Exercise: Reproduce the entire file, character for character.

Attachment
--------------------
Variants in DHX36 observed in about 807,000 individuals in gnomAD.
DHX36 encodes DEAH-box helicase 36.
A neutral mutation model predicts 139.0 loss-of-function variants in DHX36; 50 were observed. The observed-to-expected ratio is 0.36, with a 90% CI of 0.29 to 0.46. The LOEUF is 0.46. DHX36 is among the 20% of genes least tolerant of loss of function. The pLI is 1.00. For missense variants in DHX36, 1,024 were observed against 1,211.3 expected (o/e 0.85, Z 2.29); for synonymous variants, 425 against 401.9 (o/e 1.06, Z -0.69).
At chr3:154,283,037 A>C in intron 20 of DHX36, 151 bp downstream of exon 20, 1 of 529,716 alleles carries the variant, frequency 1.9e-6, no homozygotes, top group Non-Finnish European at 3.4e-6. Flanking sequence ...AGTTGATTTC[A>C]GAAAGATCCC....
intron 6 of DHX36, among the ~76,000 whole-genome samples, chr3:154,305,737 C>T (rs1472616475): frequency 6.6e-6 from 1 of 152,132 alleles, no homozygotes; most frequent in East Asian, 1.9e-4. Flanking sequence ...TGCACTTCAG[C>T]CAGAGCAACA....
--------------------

Variants in DHX36 observed in about 807,000 individuals in gnomAD.
DHX36 encodes DEAH-box helicase 36.
A neutral mutation model predicts 139.0 loss-of-function variants in DHX36; 50 were observed. The observed-to-expected ratio is 0.36, with a 90% CI of 0.29 to 0.46. The LOEUF is 0.46. DHX36 is among the 20% of genes least tolerant of loss of function. The pLI is 1.00. For missense variants in DHX36, 1,024 were observed against 1,211.3 expected (o/e 0.85, Z 2.29); for synonymous variants, 425 against 401.9 (o/e 1.06, Z -0.69).
At chr3:154,283,037 A>C in intron 20 of DHX36, 151 bp downstream of exon 20, 1 of 529,716 alleles carries the variant, frequency 1.9e-6, no homozygotes, top group Non-Finnish European at 3.4e-6. Flanking sequence ...AGTTGATTTC[A>C]GAAAGATCCC....
intron 6 of DHX36, among the ~76,000 whole-genome samples, chr3:154,305,737 C>T (rs1472616475): frequency 6.6e-6 from 1 of 152,132 alleles, no homozygotes; most frequent in East Asian, 1.9e-4. Flanking sequence ...TGCACTTCAG[C>T]CAGAGCAACA....